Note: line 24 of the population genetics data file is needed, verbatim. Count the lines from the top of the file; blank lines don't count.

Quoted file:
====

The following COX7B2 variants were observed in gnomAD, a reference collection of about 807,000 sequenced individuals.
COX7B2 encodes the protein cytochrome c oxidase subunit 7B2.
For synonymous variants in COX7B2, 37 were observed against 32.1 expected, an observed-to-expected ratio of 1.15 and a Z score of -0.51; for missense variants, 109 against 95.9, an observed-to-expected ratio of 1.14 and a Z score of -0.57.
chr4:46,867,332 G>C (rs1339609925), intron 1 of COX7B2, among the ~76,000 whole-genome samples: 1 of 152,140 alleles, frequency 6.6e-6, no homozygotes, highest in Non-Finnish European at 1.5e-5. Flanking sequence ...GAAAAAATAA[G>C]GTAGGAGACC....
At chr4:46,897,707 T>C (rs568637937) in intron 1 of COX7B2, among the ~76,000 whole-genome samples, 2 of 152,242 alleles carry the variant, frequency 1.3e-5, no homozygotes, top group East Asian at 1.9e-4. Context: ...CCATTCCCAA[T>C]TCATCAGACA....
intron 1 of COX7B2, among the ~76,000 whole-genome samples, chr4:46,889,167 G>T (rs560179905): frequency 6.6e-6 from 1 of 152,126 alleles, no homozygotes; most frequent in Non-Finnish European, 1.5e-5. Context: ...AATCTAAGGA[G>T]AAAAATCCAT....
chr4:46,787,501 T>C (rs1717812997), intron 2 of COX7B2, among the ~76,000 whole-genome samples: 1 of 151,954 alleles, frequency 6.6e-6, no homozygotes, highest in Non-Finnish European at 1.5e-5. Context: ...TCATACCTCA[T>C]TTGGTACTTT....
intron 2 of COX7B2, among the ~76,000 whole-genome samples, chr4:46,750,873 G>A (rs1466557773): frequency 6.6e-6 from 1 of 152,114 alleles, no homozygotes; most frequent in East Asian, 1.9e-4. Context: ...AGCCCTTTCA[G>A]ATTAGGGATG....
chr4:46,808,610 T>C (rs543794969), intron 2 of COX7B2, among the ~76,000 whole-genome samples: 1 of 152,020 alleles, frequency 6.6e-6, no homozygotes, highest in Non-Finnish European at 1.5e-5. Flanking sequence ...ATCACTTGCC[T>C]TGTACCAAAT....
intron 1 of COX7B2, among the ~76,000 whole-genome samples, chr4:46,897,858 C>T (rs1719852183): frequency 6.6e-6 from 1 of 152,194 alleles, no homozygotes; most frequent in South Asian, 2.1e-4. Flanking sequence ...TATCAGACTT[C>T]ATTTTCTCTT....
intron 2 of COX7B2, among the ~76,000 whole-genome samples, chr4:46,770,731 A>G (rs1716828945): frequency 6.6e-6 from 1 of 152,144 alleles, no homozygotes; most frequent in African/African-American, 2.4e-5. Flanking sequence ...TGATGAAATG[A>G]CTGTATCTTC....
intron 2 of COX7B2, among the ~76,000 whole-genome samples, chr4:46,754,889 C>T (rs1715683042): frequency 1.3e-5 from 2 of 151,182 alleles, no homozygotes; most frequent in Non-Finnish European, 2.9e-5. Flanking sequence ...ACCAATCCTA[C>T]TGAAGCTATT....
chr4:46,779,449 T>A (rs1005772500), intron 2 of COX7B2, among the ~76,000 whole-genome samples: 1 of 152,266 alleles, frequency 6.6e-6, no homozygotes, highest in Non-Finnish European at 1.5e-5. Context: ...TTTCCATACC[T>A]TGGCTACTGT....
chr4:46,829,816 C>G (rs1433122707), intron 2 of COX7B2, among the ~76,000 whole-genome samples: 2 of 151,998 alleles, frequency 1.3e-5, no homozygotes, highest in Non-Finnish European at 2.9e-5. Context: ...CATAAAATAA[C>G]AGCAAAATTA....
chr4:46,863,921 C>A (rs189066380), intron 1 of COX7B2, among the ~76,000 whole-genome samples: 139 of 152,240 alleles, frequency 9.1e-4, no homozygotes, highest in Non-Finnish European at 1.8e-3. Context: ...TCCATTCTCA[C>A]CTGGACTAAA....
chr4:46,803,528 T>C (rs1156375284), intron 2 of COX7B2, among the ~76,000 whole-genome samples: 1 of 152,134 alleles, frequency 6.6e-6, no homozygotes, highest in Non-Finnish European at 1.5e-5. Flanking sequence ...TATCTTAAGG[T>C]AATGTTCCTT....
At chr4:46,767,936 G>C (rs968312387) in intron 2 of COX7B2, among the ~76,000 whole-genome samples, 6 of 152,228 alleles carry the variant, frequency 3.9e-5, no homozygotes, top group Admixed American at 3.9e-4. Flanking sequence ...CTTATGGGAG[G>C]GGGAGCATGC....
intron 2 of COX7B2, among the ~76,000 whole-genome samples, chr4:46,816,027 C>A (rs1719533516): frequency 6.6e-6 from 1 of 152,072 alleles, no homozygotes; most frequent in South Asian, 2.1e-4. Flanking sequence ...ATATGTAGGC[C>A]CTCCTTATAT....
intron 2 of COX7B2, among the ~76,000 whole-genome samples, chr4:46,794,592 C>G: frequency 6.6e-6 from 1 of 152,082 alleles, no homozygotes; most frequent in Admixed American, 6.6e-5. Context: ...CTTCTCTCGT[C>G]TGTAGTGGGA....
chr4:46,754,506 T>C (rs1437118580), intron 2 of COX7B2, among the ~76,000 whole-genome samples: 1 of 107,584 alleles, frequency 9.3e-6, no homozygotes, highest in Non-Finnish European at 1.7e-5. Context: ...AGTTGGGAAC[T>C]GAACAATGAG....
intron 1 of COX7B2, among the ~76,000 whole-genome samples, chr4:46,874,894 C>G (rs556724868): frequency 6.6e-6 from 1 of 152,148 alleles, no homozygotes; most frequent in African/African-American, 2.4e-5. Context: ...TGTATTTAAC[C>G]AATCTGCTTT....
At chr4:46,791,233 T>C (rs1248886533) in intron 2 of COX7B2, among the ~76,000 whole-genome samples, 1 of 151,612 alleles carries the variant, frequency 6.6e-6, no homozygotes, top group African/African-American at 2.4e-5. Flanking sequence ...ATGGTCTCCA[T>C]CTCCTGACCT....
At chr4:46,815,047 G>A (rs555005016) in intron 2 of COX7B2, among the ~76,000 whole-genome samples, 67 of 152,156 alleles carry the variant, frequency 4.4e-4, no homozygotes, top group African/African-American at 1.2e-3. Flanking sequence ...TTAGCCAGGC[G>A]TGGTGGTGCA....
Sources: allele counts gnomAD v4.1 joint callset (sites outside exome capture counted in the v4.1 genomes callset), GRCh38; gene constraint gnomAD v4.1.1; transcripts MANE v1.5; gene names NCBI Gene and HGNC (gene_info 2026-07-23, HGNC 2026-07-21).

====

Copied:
Sources: allele counts gnomAD v4.1 joint callset (sites outside exome capture counted in the v4.1 genomes callset), GRCh38; gene constraint gnomAD v4.1.1; transcripts MANE v1.5; gene names NCBI Gene and HGNC (gene_info 2026-07-23, HGNC 2026-07-21).